The Brotherhood Of The Wolf (Le Pacte Des Loups)
Don't you love films that are 'Based on a true story'? Should they not have 'Based on a true story, before some liberal licensing by the film makers using ridiculous assumptions render it highly implausible to achieve these events in real life'? 'Based on a true story' can achieve good results such as in the case of The Ghost And The Darkness and Pamela Anderson And Tommy Lee: Honeymoon Video. Luckily The Brotherhood Of The Wolf falls into the good result category.
The 'true' aspect is that the story is based on Beast of Gevaudan who, in 1764 killed over 60 women and children by tearing out their hearts and vital organs. There were many theories at the time ranging from mountain lions, wolves and even werewolves, however as the real Beast was never caught or killed no-one really know what it was, but back to the film.
The film starts with an elderly aristocratic reminiscing about the Beast and the events surrounding it. Flashback to the year 1764, where the Beast Of Gevauden is terrorising the countryside laying waste to women and children, yet it eludes capture. King Louis XV hearing about the turmoil in the Gevaudanian province sends two men to investigate - a naturalist/scientist Grégoire de Fronsac (Samuel Le Bihan) and his Mohawk 'brother' Mani (Mark Dascascos). They have been assigned to investigate and possibly rid the countryside of whatever might be terrorising the countryside.
The locals are scared, the aristocracy is amused by Fronsac and his 'savage' servant (as they see him) and the militia is wasting time killing wolves left right and centre. In amongst this Fronsac and Mani are helped or hindered by various people, including the strange women at the local brothel, even stranger gypsies, the clergy and the army captain sent to kill the creature. Fronsac is further distracted by the lovely aristocrat Marianne (Emilie Dequenne) much to the chagrin of her one-armed, snobby brother Francois (Vincent Casell).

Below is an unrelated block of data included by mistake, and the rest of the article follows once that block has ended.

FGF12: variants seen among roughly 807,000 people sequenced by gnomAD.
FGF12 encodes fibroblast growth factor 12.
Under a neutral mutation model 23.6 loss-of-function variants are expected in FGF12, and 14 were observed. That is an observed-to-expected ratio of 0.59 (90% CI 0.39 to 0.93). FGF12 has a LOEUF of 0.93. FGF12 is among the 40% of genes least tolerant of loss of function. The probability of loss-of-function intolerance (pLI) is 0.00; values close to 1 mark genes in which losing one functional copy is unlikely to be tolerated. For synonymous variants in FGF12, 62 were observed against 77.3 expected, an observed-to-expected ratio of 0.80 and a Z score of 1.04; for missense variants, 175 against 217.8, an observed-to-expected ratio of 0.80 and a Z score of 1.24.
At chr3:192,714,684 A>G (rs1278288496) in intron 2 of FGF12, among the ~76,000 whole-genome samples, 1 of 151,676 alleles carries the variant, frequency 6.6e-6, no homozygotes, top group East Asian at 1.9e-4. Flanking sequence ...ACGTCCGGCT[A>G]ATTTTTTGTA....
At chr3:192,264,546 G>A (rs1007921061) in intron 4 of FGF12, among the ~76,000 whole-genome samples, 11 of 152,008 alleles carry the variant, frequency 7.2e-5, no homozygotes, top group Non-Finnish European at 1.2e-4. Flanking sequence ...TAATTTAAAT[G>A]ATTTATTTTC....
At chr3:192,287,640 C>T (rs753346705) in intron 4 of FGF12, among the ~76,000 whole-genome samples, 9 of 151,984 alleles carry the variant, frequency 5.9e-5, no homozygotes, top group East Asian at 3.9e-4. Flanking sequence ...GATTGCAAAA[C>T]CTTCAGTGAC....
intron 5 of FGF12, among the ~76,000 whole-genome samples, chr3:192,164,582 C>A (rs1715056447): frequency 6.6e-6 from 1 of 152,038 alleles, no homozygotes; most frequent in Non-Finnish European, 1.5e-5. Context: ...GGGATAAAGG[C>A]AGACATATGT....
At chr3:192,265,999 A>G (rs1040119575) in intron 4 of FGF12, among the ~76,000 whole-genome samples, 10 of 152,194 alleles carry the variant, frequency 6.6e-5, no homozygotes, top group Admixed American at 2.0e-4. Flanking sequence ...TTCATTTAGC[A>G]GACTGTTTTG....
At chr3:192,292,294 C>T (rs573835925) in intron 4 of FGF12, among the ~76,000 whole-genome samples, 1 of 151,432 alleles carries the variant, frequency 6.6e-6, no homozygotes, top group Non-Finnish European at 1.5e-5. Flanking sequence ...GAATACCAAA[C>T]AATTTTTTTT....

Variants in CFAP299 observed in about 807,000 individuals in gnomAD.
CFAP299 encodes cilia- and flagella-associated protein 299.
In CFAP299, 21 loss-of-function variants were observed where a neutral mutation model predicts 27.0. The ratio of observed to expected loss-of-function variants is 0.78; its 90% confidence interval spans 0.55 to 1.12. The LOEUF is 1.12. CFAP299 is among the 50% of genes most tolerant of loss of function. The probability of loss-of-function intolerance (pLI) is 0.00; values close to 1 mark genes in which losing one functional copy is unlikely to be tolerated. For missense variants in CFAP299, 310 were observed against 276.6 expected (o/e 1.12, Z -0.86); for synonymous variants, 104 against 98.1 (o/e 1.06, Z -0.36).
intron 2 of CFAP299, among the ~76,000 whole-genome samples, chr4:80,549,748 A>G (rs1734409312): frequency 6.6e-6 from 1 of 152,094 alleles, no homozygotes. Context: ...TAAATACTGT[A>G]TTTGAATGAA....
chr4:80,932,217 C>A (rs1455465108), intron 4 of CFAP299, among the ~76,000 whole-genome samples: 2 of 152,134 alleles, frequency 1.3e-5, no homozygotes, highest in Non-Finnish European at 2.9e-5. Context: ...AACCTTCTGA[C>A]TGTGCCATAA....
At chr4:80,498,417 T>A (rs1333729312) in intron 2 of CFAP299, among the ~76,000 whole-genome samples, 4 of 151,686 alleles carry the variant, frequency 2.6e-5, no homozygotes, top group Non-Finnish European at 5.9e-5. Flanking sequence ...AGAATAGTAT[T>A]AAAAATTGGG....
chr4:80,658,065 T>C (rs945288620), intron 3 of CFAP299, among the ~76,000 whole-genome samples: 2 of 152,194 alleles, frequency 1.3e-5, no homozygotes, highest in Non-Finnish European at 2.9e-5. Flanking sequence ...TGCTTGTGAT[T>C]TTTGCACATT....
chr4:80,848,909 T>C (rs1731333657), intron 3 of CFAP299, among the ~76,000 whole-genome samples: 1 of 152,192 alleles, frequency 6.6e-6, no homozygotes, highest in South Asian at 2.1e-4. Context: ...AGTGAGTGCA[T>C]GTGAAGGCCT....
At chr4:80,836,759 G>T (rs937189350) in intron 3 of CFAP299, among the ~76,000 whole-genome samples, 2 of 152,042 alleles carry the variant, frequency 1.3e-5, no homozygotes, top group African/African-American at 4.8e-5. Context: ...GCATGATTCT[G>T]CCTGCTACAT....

As Fronsac and Mani get closer to solving the mystery of the Beast and get close enough to destroy it, they discover that the beast is the least of their problems.
The movie defies classification and switches between genres faster than a small Mexican mouse in a sombrero. Apart from the obvious horror elements you also get the occult, guns and swordplay, kung fu, politics, religion, aristocracy and some kinky sex thrown in for good measure. The whole production has a Merchant-Ivory feel to it with its lavish sets and costume designs. Christophe Gans has directed this with a great deal of flair and the imagery is excellent, from the sweeping countryside to the visually stunning and excellently choreographed kung fu fighting. Speaking of kung fu - how does a Native American medicine man know kung fu? And well enough to kick the arse out of dozens of men (and women). The creature is a product of the fabled Jim Henson Creature Shop and CGI. It looks good at times but some scenes make it too CGI'd (if you know what I mean). The attacks are directed brilliantly by Gans and have a real sense of terror.
Performances by most of the cast are good but Mark Dascascos excels as the strong, silent type. He's martial arts abilities are excellent as shown in previous films (albeit in B-movie fair) such as American Samurai and the underrated Crying Freeman. Samuel Le Bihan as Grégoire de Fronsac makes for a good lead, but you just can't get the fact that Mani kicks more arse and in better style than him.
On the whole, Brotherhood Of The Wolf is a stylish thriller, which encompasses many genres, and arrives without the fanfare of other hyped foreign films such as Amelie. However, it might not be for everyone's tastes. For one the film is in French with English subtitles, is also long at 142 minutes (could have easily been trimmed down by 30 minutes) and some scenes are not pleasant viewing (not just the violent Beast attacks but there is also an incestual rape - not really a date flick then). But don't be put off by the negative points, as the film is a rare gem tucked out of view by Hollywood's shadow.
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